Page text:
I heard anecdotes about a man with a pro-life sign being assailed during the recent Boston demonstration/counterdemonstration, and then found that an Esquire writer tweeted a short video of the incident.    (Language alert.)

The guy was carrying a poster with photos of preborn human beings on the upper half of the poster, visible in the video. (I should add that these were not bloody-baby pictures. If there were any photos of aborted remains on the lower part of the poster, I didn’t see them due to the camera angle.) He was pursued – or as the Esquire writer put it, “made to part ways with his sign” – by masked assailants, who tore the photos off the poster one by one. Among the screaming voices was a woman’s, saying something that sounded like “I chose to have my baby but I’m glad I had a choice!”

At least that particular woman had the integrity to speak her mind without hiding behind a mask and without vandalizing anything.

In Pete’s coverage of the recent Boston demonstration/counterdemonstration,   he noted that the unifying factor among the disparate “counter” groups was anti-Trump sentiment to a greater or lesser degree. I don’t dispute that. I think that sentiment was accompanied by more than a dash of abortion advocacy, of a kind that was around long before Trump and will sadly be around long after he moves on.

I have no idea who the man with the poster supported for President; perhaps like me he’s at risk of being hashtagged #NeverTrump. Those masked hooligans who vandalized his sign didn’t care. The evidently harbored antipathy to the right to life and to anyone promoting it. Trump didn’t even need to be a factor for them.

That was one incident, involving relatively few people, in a place where tens of thousands of people had congregated for various purposes. Maybe the masked vandals who tore up photos of the preborn humans weren’t representative of the larger crowd. Then again, maybe they were.

Mayor and President alike tweeted approval of the day’s peaceful demonstrators speaking out against hate. It was a day for broad strokes, not fine details, so maybe incidents like the one I’ve described escaped the politicians’ notice.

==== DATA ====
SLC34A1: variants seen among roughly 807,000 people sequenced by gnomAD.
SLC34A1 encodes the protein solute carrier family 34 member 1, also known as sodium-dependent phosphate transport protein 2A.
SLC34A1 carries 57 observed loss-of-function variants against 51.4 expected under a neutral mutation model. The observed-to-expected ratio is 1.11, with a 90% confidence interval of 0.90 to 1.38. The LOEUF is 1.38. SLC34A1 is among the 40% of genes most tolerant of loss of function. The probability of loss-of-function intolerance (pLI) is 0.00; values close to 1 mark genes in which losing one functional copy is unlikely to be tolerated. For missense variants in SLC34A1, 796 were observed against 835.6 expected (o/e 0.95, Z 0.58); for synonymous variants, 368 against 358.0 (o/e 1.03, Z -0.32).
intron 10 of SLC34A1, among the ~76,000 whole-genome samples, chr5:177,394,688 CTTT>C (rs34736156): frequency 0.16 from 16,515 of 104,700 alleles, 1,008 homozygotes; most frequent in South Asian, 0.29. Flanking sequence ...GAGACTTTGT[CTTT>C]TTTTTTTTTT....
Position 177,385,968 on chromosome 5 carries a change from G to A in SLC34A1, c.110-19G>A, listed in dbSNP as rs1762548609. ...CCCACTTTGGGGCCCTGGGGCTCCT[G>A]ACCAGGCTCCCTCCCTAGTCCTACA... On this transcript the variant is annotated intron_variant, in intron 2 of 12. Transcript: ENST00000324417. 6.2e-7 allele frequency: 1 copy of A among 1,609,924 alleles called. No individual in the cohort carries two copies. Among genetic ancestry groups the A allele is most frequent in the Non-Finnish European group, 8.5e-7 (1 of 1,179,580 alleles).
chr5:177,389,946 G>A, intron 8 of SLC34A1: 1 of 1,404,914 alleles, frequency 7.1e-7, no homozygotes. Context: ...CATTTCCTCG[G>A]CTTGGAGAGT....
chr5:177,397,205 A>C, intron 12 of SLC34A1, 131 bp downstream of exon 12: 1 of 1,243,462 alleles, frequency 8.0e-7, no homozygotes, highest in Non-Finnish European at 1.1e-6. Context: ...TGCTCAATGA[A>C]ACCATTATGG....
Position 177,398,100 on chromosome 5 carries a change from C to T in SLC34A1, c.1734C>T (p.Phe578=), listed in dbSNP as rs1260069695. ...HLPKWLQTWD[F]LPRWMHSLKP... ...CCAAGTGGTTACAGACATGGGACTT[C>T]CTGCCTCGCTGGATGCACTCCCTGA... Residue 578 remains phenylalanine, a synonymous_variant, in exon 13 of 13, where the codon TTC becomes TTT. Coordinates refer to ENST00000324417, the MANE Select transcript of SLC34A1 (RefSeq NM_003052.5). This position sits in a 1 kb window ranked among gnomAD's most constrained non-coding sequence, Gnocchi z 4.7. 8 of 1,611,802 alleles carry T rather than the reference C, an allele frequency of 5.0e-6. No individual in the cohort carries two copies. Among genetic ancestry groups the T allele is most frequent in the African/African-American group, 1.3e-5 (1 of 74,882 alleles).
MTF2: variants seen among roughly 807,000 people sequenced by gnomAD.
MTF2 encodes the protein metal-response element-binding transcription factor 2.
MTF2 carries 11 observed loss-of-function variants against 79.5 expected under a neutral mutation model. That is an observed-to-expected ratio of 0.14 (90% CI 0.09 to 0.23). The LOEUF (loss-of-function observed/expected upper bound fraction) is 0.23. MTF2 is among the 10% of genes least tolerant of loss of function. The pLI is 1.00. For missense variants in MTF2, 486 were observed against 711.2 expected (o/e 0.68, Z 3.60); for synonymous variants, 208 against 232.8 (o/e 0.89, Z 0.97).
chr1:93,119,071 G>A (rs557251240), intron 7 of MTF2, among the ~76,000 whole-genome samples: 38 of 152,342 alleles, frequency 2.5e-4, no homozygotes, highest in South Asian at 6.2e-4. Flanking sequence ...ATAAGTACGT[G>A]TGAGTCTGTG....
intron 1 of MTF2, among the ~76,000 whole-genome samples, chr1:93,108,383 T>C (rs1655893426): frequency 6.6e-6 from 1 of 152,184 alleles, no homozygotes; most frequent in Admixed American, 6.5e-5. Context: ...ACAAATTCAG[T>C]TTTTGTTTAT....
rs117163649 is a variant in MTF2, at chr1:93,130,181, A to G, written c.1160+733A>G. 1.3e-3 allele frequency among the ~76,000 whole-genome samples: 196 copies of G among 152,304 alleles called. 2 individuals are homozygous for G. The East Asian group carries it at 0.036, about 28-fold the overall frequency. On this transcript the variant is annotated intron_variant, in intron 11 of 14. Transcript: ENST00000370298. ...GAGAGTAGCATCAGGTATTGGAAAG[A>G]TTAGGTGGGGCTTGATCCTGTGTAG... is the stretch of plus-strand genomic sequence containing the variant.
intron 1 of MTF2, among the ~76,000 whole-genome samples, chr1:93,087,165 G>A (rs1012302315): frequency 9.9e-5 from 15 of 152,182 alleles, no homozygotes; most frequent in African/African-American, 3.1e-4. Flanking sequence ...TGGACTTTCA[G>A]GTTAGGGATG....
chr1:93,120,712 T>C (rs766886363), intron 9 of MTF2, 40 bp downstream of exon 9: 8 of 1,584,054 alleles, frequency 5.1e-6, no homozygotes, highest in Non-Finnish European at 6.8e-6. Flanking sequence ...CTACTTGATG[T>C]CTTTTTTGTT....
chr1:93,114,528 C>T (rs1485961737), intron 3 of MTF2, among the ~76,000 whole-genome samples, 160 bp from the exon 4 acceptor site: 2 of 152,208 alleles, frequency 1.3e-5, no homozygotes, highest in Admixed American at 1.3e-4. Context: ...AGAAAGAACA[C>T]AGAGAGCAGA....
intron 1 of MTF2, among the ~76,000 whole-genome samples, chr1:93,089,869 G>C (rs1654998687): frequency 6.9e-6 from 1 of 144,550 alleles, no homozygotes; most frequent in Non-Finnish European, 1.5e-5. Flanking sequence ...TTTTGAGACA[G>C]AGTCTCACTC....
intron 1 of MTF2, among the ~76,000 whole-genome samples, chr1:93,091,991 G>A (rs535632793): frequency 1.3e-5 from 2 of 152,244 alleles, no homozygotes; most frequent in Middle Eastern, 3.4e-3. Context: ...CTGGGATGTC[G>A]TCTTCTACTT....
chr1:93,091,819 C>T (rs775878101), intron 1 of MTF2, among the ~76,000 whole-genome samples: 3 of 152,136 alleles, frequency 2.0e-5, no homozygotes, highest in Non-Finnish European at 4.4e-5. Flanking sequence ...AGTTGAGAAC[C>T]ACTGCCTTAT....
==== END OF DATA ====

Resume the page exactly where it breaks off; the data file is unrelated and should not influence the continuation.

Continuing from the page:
But is it something other than hate when masked people carrying sticks menace a man holding a poster? Is it peaceful to rip up a sign someone’s holding, as long as no one sustains physical injury?  I’m pretty sure that if I, as a pro-lifer, were to tear up a sign held by someone, I’d be charged with simple assault under the laws of my state. (Rightly so, I might add.) Maybe the Boston police had to pick their battles, so to speak, and sign-ripping wasn’t a law enforcement priority the day of a mass rally. Understandable, from a tactical point of view. But I believe the Boston sign vandals got a pass that wouldn’t have been afforded to anyone tearing up a pro-abortion sign.

Readers, please take a moment to read Da Tech Guy’s pinned post, and then hit Da Tip Jar in support of independent journalism. Thank you!

Ellen Kolb is a writer and pro-life activist living in New Hampshire. Read more of her work at EllenKolb.com/blog.

I’ll have a lot to say about events in Boston tomorrow with photos, video and several interviews to round it out. But before I upload those videos and do anything else let me give one thank-you and two shout outs.

First thank all those who consented to interviews (either recorded or not) and gave me some of your time. You were all a pleasure to meet.

Now two shout outs. The primary shoutout goes to the all the Police present.

Unlike Chancellorsville the Boston/State and other Police were present and on the ball. While I didn’t like that I was unable to approach the primary rally and cover what people were actually saying which had been my goal, they did yeomans work to keep people safe and prevent those who would have liked to have cracked heads (and believe me there was a significant number of people there with that goal) in check.

So to all the police there, the Boston Police, the State Police, the Transit Police and even the Police who were guarding the parking garage, you symbolized the best of both Boston and Law enforcement and I tip my Fedora to you.

The second shoutout goes to a set of young college age ladies that I don’t know.

By the time I standing in the subway car back heading back to the parking garage at Alewife Station my body, which had gone all day without food or water on a hot day while running all around the Boston Common covering the story, finally had its say. I found myself suddenly dizzy and nauseous and had to sit, so I lowered myself to the floor taking my laptop bag and camera off from around my neck. Immediately three young ladies standing next to me were at my side offering me water and a fourth offered me her seat.

All of these ladies had been at the protest and were carrying signs to that effect. I suspect none of them were Trump supporters or shared anything close to my political views.

But here, away from the crowd, their concern wasn’t with who I voted for or what I thought of the various event I had seen. All they saw was a fifty something man in some distress and wanted to help, our common humanity overrode everything else.

They did me a great service, not only by giving me a hand but by reminding me not to judge all those in attendance by the signs they carried or by the lowest common denominator of a crowd at a time when I most needed that reminder.

In this age of division it was a breath of fresh air. Ladies I tip my fedora to you


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